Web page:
Student organization writes letters for cancer

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Members of Up ‘til Dawn gather after last year’s letter writing event in Kilcawley Center. Photo courtesy of Katie Petrosky.


When Wendy Avery, mother of three from Canfield, was leaving St. Jude Children’s Research Hospital in Memphis, Tenn., in 2005, her youngest son, Nick Avery, looked up at her and said, “Mom, I don’t ever want to have cancer, but if I do, I want to come here.” 

Six months later, he was diagnosed with leukemia.

The family was invited to visit and tour the hospital in 2005 because of Wendy Avery’s philanthropy. St. Jude paid for their two-day hotel stay.

“We were really amazed and super impressed with the services that they provide for the children and their families,” Wendy Avery said. “It really felt like God had sent us there for a reason.”

Nick Avery was 14 years old when he was admitted to St. Jude.

Wendy Avery and her son moved to Memphis and lived there while he was treated. 

Their family doctor was concerned about the move, and cautioned them that their support system would still be in Ohio if they chose to move to Tennessee. 

But Wendy Avery decided it had to be done.

St. Jude provided them with a two-bedroom apartment during their time in Tennessee and allotted them $100 for groceries every week. A tutor was also provided so Nick Avery would not fall behind in school. After six months of treatments, he was released from the hospital.

Two months later, Nick Avery’s cancer relapsed, so he returned to Tennessee with his mother for a bone marrow transplant. 

He was there for only a few days when he suffered a subdural hematoma, bleeding between the brain and the skull due to the blood’s inability to clot properly due to cancer, and he was rushed into emergency surgery. He went into a coma and passed away.

According to the National Cancer Institute, cancer is the leading cause of death among children from infancy to age 15. Leukemia, brain cancer and other central nervous system cancers account for nearly half of the cases.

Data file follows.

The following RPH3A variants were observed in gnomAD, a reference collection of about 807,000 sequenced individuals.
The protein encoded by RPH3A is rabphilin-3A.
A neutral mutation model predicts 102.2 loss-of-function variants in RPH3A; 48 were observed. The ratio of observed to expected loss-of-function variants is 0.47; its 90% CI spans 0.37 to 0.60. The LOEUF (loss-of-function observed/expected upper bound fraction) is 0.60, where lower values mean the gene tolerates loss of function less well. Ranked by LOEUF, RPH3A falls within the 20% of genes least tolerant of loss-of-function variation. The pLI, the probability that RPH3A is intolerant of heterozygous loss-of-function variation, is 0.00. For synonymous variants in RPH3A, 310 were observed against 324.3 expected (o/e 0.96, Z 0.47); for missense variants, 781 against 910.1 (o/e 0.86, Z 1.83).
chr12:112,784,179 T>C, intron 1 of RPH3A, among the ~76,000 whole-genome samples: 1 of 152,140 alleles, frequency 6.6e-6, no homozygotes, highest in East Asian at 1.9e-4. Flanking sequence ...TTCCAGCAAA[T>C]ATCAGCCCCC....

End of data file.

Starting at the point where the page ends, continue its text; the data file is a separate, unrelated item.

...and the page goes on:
Locally, 10 YSU students who constitute the organization Up ‘til Dawn are making it their mission to help families like the Averys.

The group began in 2008 as an overnight event for YSU students. Volunteers wrote letters to potential donors until the next morning. 

In 2011, with the help of Theresa Studniarz, a representative from St. Jude, Up ‘til Dawn raised $9,699.48 for the hospital through 2,424 letters. The group is working adamantly to surpass the $16,367 raised in 2008 through 4,325 letters.

The group’s core letter-writing event will be Thursday at The Hub in Kilcawley Center. Members said they are hoping to make this event their most successful one yet.

“It costs approximately $1.7 million a day to run St. Jude Children’s Hospital, so fundraising and participation are key. We rely on organizations such as Up ‘til Dawn to continue helping the children and their families,” Studniarz said.

Caren Gaskins, co-recruitment chairwoman of Up ‘til Dawn, said it is important to raise money because the foundation is nonprofit and runs on donations. 

“No one is ever denied treatment because of the family’s inability to pay,” she said.

Wendy Avery has been on St. Jude’s family advisory council for the past four years. She specializes in working with families that have lost a child and with families that are about to receive bad news when a child’s cancer is no longer responding to treatment.

“When you donate, you aren’t just raising money for their hospital, you are helping children everywhere with cancer survive,” Wendy Avery said.

Nick Avery would have been 21 years old this year, and Wendy Avery said she appreciates the hard work and dedication from groups like Up ‘til Dawn. 

“[Nick Avery] might have actually been in some of your classes that you’re taking right now,” Wendy Avery said. “I want to encourage students to continue raising funds, because what you’re doing, it is so important.”